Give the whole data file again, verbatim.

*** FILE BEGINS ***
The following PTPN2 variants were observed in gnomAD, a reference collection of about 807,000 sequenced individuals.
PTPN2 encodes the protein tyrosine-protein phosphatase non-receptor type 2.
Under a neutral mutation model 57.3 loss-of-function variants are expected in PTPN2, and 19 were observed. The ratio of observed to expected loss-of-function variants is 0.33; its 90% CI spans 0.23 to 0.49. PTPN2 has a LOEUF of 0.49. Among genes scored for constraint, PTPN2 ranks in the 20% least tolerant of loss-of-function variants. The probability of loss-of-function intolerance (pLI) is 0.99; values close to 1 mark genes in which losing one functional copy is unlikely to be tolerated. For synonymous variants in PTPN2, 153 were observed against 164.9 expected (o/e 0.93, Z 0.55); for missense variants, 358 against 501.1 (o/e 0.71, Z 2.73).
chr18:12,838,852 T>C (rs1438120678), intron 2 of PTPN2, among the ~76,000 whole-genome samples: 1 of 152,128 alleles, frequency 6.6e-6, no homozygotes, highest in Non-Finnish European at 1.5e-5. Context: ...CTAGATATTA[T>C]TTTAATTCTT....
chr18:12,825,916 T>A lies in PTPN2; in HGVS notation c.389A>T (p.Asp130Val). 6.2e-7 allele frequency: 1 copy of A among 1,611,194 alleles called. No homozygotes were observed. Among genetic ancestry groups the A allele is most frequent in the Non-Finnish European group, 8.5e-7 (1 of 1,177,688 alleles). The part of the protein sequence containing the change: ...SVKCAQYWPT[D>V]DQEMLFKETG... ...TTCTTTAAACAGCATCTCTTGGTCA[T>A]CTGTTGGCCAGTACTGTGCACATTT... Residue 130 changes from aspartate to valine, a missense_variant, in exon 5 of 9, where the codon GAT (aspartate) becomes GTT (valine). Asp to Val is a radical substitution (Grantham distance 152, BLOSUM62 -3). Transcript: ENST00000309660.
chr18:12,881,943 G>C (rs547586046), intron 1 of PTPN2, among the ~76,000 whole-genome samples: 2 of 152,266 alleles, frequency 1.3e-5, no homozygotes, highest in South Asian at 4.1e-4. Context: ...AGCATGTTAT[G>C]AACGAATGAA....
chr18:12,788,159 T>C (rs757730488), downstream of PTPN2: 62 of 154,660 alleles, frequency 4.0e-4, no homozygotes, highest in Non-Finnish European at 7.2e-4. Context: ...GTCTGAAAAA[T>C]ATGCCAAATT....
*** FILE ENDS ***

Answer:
The following PTPN2 variants were observed in gnomAD, a reference collection of about 807,000 sequenced individuals.
PTPN2 encodes the protein tyrosine-protein phosphatase non-receptor type 2.
Under a neutral mutation model 57.3 loss-of-function variants are expected in PTPN2, and 19 were observed. The ratio of observed to expected loss-of-function variants is 0.33; its 90% CI spans 0.23 to 0.49. PTPN2 has a LOEUF of 0.49. Among genes scored for constraint, PTPN2 ranks in the 20% least tolerant of loss-of-function variants. The probability of loss-of-function intolerance (pLI) is 0.99; values close to 1 mark genes in which losing one functional copy is unlikely to be tolerated. For synonymous variants in PTPN2, 153 were observed against 164.9 expected (o/e 0.93, Z 0.55); for missense variants, 358 against 501.1 (o/e 0.71, Z 2.73).
chr18:12,838,852 T>C (rs1438120678), intron 2 of PTPN2, among the ~76,000 whole-genome samples: 1 of 152,128 alleles, frequency 6.6e-6, no homozygotes, highest in Non-Finnish European at 1.5e-5. Context: ...CTAGATATTA[T>C]TTTAATTCTT....
chr18:12,825,916 T>A lies in PTPN2; in HGVS notation c.389A>T (p.Asp130Val). 6.2e-7 allele frequency: 1 copy of A among 1,611,194 alleles called. No homozygotes were observed. Among genetic ancestry groups the A allele is most frequent in the Non-Finnish European group, 8.5e-7 (1 of 1,177,688 alleles). The part of the protein sequence containing the change: ...SVKCAQYWPT[D>V]DQEMLFKETG... ...TTCTTTAAACAGCATCTCTTGGTCA[T>A]CTGTTGGCCAGTACTGTGCACATTT... Residue 130 changes from aspartate to valine, a missense_variant, in exon 5 of 9, where the codon GAT (aspartate) becomes GTT (valine). Asp to Val is a radical substitution (Grantham distance 152, BLOSUM62 -3). Transcript: ENST00000309660.
chr18:12,881,943 G>C (rs547586046), intron 1 of PTPN2, among the ~76,000 whole-genome samples: 2 of 152,266 alleles, frequency 1.3e-5, no homozygotes, highest in South Asian at 4.1e-4. Context: ...AGCATGTTAT[G>C]AACGAATGAA....
chr18:12,788,159 T>C (rs757730488), downstream of PTPN2: 62 of 154,660 alleles, frequency 4.0e-4, no homozygotes, highest in Non-Finnish European at 7.2e-4. Context: ...GTCTGAAAAA[T>C]ATGCCAAATT....